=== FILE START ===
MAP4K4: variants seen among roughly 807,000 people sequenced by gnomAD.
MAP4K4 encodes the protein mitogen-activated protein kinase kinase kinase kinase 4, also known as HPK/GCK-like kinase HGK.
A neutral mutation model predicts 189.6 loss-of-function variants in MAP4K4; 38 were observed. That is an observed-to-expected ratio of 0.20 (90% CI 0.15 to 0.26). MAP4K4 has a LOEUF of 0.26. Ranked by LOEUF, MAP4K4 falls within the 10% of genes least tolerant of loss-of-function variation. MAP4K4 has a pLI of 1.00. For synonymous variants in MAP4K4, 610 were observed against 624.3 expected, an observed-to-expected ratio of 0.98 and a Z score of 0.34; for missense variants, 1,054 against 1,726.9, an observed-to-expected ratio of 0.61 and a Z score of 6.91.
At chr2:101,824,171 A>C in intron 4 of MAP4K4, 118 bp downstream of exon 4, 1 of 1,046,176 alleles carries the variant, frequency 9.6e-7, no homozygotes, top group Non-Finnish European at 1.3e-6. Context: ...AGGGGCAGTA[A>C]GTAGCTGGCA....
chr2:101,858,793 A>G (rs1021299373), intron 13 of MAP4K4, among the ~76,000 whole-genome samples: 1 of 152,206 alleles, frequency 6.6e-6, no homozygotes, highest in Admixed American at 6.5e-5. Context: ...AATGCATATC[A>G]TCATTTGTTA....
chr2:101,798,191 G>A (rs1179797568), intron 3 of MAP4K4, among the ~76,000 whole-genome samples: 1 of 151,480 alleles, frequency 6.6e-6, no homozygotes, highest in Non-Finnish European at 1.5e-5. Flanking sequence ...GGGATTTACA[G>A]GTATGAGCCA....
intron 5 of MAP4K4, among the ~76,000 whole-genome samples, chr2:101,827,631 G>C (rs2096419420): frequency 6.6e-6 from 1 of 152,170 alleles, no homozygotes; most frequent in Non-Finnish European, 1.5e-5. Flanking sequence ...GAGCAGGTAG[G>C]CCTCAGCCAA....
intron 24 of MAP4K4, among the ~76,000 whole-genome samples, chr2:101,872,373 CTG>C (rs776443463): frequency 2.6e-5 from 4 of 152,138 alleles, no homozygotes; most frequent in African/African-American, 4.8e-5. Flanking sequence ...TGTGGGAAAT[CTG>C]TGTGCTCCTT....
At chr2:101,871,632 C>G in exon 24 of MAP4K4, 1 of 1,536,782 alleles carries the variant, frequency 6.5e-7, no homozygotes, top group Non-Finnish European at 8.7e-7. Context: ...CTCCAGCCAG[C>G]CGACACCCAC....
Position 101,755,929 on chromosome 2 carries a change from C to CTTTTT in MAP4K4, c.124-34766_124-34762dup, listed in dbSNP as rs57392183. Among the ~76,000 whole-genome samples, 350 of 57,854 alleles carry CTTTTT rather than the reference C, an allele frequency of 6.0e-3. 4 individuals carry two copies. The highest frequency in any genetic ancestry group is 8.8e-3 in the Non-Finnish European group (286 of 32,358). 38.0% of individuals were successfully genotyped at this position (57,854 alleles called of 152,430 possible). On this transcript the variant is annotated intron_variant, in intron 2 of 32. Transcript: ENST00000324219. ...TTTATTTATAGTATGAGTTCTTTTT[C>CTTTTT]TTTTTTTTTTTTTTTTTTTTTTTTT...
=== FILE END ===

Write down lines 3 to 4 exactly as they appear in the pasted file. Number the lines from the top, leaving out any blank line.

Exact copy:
A neutral mutation model predicts 189.6 loss-of-function variants in MAP4K4; 38 were observed. That is an observed-to-expected ratio of 0.20 (90% CI 0.15 to 0.26). MAP4K4 has a LOEUF of 0.26. Ranked by LOEUF, MAP4K4 falls within the 10% of genes least tolerant of loss-of-function variation. MAP4K4 has a pLI of 1.00. For synonymous variants in MAP4K4, 610 were observed against 624.3 expected, an observed-to-expected ratio of 0.98 and a Z score of 0.34; for missense variants, 1,054 against 1,726.9, an observed-to-expected ratio of 0.61 and a Z score of 6.91.
At chr2:101,824,171 A>C in intron 4 of MAP4K4, 118 bp downstream of exon 4, 1 of 1,046,176 alleles carries the variant, frequency 9.6e-7, no homozygotes, top group Non-Finnish European at 1.3e-6. Context: ...AGGGGCAGTA[A>C]GTAGCTGGCA....